Exposé has been on OS X for a while, but not until now has it been revolutionized. We are now able to view opened and minimized windows, in an orderly manner. Other features include the ability to isolate windows from any one certain application. This is done by moving your mouse over any app in the dock and holding down on that app, and if this is done correctly, you should see your dock become blacked out and the app highlighted as well as all the windows for that app in expose. Another cool feature is the ability to move files and documents to different apps using expose. Lets say you have a picture and you want to send the picture in an email to your friend. You would select the image and drag it over to mail. From there you can drop it into a new message and it will attach itself to the email, this can also be done with other files and contacts from address book. Expose features are great, but its really up to the user to get the most out of it, and use it their own way.

Included Software/Programs


Mac’s Finder is all-new in Snow Leopard…sorta. While it may not aesthetically seem so, Apple they re-wrote Finder’s code, and made it run faster and more efficiently. There are still some new but minor features in Finder that you may not know about. One feature allows you to preview audio, video, and PDF files right on the thumbnail. This feature seems nice, but not as easy as using Quick Look, which clicking on any media file and pressing the space bar. Another feature allows you to scale thumbnail sizes up to 512 pixels wide.

Quicktime X

Quicktime X is the successor to the previous version of Quicktime, Quicktime 7. In this new version, you will notice that the player has:

· An improved new look with redesigned controls and titlebar

· A cool design feature that makes the titlebar and controls disappear when a video is playing (shown above)

· The ability to record from an external video source

· The ability to screen capture

· The ability to audio record

Safari 4

The new version of Apple’s Safari web browser, Safari 4, which comes standard with Snow Leopard, is probably one of the best [if not the best] web browsers out today. This is because it is up to date it terms of our current standards; it passed the Acid 3 test with 100/100, the first officially released browser to do so. Safari 4 is also very fast, faster than Firefox 3 and Google Chrome in most benchmarks. Add that to its simplicity and design and you have found our favorite browser yet.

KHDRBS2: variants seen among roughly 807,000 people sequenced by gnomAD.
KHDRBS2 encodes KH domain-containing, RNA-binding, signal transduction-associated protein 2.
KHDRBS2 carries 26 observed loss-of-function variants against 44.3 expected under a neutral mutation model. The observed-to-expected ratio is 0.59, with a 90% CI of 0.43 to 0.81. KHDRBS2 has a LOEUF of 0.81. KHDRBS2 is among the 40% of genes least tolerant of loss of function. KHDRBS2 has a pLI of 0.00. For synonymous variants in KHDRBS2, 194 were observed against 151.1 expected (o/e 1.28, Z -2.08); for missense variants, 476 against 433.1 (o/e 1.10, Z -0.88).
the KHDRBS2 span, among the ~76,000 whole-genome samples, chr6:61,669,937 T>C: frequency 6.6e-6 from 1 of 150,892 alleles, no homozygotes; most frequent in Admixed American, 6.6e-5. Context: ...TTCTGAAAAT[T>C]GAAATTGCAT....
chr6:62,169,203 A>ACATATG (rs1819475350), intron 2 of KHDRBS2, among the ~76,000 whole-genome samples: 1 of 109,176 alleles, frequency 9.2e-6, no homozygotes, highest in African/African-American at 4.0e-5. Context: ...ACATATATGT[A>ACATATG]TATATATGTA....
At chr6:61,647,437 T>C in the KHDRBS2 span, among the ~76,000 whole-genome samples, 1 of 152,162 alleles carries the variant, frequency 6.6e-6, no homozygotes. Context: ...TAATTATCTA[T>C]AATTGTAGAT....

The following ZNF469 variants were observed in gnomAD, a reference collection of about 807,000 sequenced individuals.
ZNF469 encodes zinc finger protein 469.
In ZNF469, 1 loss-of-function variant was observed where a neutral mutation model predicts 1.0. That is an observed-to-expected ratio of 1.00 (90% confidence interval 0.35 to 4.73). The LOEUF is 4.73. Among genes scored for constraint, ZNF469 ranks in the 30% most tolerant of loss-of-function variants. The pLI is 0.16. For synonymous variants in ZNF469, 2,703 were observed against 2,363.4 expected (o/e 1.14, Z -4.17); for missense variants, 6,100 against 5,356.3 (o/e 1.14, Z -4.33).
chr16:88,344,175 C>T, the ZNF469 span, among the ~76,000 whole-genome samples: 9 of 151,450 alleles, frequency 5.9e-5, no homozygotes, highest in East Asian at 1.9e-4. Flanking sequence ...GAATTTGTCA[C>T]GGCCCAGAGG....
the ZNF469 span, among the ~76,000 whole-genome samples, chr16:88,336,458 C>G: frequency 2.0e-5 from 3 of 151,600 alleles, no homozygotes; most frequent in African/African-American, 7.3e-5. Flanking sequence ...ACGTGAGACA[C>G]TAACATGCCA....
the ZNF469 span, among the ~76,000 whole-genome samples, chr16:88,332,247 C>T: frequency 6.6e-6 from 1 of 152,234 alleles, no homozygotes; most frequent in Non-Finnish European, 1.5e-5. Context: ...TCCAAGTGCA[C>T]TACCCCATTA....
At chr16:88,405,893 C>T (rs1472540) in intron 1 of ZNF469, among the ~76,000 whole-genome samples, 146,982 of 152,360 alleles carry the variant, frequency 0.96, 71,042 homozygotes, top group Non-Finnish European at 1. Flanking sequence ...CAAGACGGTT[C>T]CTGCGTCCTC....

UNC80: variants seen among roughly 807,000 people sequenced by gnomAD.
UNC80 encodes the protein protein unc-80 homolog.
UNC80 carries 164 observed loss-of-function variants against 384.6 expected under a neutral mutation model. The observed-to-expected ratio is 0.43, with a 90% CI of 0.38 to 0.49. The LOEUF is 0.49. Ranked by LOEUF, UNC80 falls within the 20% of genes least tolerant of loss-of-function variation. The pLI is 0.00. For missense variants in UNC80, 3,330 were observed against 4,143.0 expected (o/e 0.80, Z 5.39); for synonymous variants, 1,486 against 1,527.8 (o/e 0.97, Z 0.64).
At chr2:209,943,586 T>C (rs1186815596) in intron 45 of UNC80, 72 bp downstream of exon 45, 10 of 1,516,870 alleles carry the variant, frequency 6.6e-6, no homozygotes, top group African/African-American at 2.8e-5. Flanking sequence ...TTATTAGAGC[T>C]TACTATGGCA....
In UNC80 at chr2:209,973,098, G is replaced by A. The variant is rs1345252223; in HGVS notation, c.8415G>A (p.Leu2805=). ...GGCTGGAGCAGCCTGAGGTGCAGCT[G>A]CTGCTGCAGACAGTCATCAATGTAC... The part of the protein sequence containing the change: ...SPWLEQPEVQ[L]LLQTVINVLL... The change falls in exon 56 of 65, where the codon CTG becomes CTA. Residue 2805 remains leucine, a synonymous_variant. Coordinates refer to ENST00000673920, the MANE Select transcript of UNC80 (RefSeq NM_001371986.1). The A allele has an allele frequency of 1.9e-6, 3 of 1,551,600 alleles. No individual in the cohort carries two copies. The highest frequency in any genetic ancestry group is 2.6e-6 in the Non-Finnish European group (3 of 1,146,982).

We have a few benchmarks to share we want to show you [benchmarks by]. As you can see from the test results, Snow Leopard shows a significant improvement over its predecessor in speed.

-Open Six 35MB 20,000 pixel JPG’s in Preview

-13’ MacBook Pro 2.53GHz W/ 4GB RAM

· Leopard 11 seconds

· Snow Leopard 5 seconds

-1st Gen MacBook Air 1.6GHz 2GB RAM

· Leopard 21 seconds

· Snow Leopard 8 seconds

-Photoshop Filter

-13’ MacBook Pro 2.53GHz W/ 4GB RAM

· Leopard 413 seconds

· Snow Leopard 411 seconds

-15’ MacBook Pro 2.66 GHz 4GB RAM

· Leopard 402 seconds

· Snow Leopard 399 seconds

-CPU Usage 1080P Avatar Trailer Playback in QuickTime

-13’ MacBook Pro 2.53GHz W/ 4GB RAM

· Leopard QuickTime 7: 25%

· Snow Leopard QuickTime 7: 25%

· Snow Leopard QuickTime 10: 16%

-15’ MacBook Pro 2.66 GHz 4GB RAM

· Leopard QuickTime 7: 67%

· Snow Leopard QuickTime 7: 65%

· Snow Leopard QuickTime 10: 40%

-1st Gen MacBook Air 1.6GHz 2GB RAM

· Leopard QuickTime 7: 90%

· Snow Leopard QuickTime 7: 90%

· Snow Leopard QuickTime 10: 65%


Overall, I think upgrading to Snow Leopard would depend on the user. If you are a person that does not care about performance, odds are you will not notice the improvement that Snow Leopard has over Leopard. Now, if you were a Tiger user who was looking to skip a generation, now would be a perfect time to get into the mix, even if you have to pay at least $149.99 for the Mac Box Set because not only will it look better on your computer, but it will perform way better than what you have now, and odds are upgrading now will make it easier to upgrade to the next Mac OS X title…what ever it is.

Now if you are a Leopard user looking to upgrade to Snow Leopard, this upgrade is not really essential. While most of the optimizations help performance, most of the improvements on the OS aren’t that major. But then there is the upgrade price of $29-$49, which is really cheap for an OS release, and when you think about it, those prices are really small prices to pay for a somewhat significant performance boost. Plus, as we’ve mentioned above, this upgrade may make it easier [and cheaper] to update to the next Mac OS X, seeing how much of a break Apple gave to Leopard users this time around.